Discovery of Novel Microtubule inhibitors
(This post relates to work done at Weill Cornell University, where OneThree’s core technology was developed)
Proper function of microtubules is essential to any cell, especially cancer cells which rely on high growth rates. Because of this, one of the most-used classes of cancer therapeutics are drugs that inhibit the function of microtubule (MT) spindles. However, one of the largest causes of mortality in patients treated with MT-inhibitors is drug resistance, and, because of this, there is a need to discover new compounds that can be used in these resistant patients.
Working with the lab of Evi Giannakakou at Weill Cornell we set out to use our platform to see if we could identify any new MT-inhibitors that had not tested before. Our platform integrated data from multiple different sources (including genomics, structures, cell-based screens, bioassays, etc.) to computationally screen millions of orphan molecules (molecules without any known targets) to pinpoint any that were predicted to target microtubule spindles. From our top 40 predictions we found that 24 were easily obtainable from providers and the NCI DTP.
Each of these 24 compounds were tested against MDA-MB-231 breast cancer cells and we assessed any effect on the microtubule cytoskeleton by confocal microscopy and immunofluorescence. Additionally we quantified the level of microtubule engagement by each of the predicted small molecules by measuring the amount of soluble tubulin left over after treatment. We found that 67% of the tested small molecules (16/24) depolymerized microtubules as predicted.
This was incredibly exciting for us because these 16 molecules could represent new potential therapeutics for cancer patients and were discovered in under a month using an AI based approach. However the real challenge was whether any of the new candidates we identified could be viable option for patients who become resistant to currently used treatments (approximately 50% of patients). To answer this we first worked with the Giannakakou lab to develop a 1A9 ovarian cancer cell line that was resistant to Eribulin and other approved microtubule inhibitors such as colchicine and vinorelbine (we'll call this resistant cell line 1A9-ERB). We then took the 4 candidates that had the strongest levels of microtubule inhibition in our earlier experiments (compounds #2, 15, 16, & 24) and tested each of them on this resistant cell line.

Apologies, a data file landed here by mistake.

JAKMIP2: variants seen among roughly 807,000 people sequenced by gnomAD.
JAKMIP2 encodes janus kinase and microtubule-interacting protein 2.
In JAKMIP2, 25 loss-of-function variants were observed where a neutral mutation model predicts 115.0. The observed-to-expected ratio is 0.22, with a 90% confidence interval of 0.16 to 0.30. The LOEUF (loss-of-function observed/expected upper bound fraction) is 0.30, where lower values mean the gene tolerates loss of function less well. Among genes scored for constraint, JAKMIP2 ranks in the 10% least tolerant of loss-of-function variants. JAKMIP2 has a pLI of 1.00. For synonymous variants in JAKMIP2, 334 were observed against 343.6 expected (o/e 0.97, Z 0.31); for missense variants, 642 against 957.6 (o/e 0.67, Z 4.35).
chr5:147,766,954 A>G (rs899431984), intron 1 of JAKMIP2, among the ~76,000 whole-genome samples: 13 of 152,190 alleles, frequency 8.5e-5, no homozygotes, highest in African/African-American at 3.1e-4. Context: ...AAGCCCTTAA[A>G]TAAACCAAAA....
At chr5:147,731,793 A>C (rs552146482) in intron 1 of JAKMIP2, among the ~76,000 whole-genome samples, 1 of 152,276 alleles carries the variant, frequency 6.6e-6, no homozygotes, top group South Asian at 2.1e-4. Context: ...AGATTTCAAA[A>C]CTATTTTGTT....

Based on the results of the immunoflourescence assay we found that 3 of the 4 predicted compounds were able to inhibit proper microtubule function in the 1A9-ERB cell line while none of the approved drugs could. To further evaluate these candidates, we took candidate #15 (our top performing candidate) and tested it and approved MT inhibitors in a cytotoxicity assay to see how well it could kill 1A9-ERB cancer cells. We found that our predicted compound had over a 1000x lower fold resistance than Eribulin and over 10x lower fold resistance than any other approved MT-inhibitors (measured by IC50 ratios). We're planning on testing this candidate in animal studies going onward, but this case study highlighted how a computational approach that integrates multiple different forms of data could quickly and accurately identify new candidates for a given indication or patient population.
This is an ongoing collaboration so I'll edit this post as time goes on with new results and analyses! Also check out our post on predicting synergistic combination therapies to see how we used AI to combat MT-inhibitors by identifying a new drug we could pair with docetaxol to break resistance.
Till next time!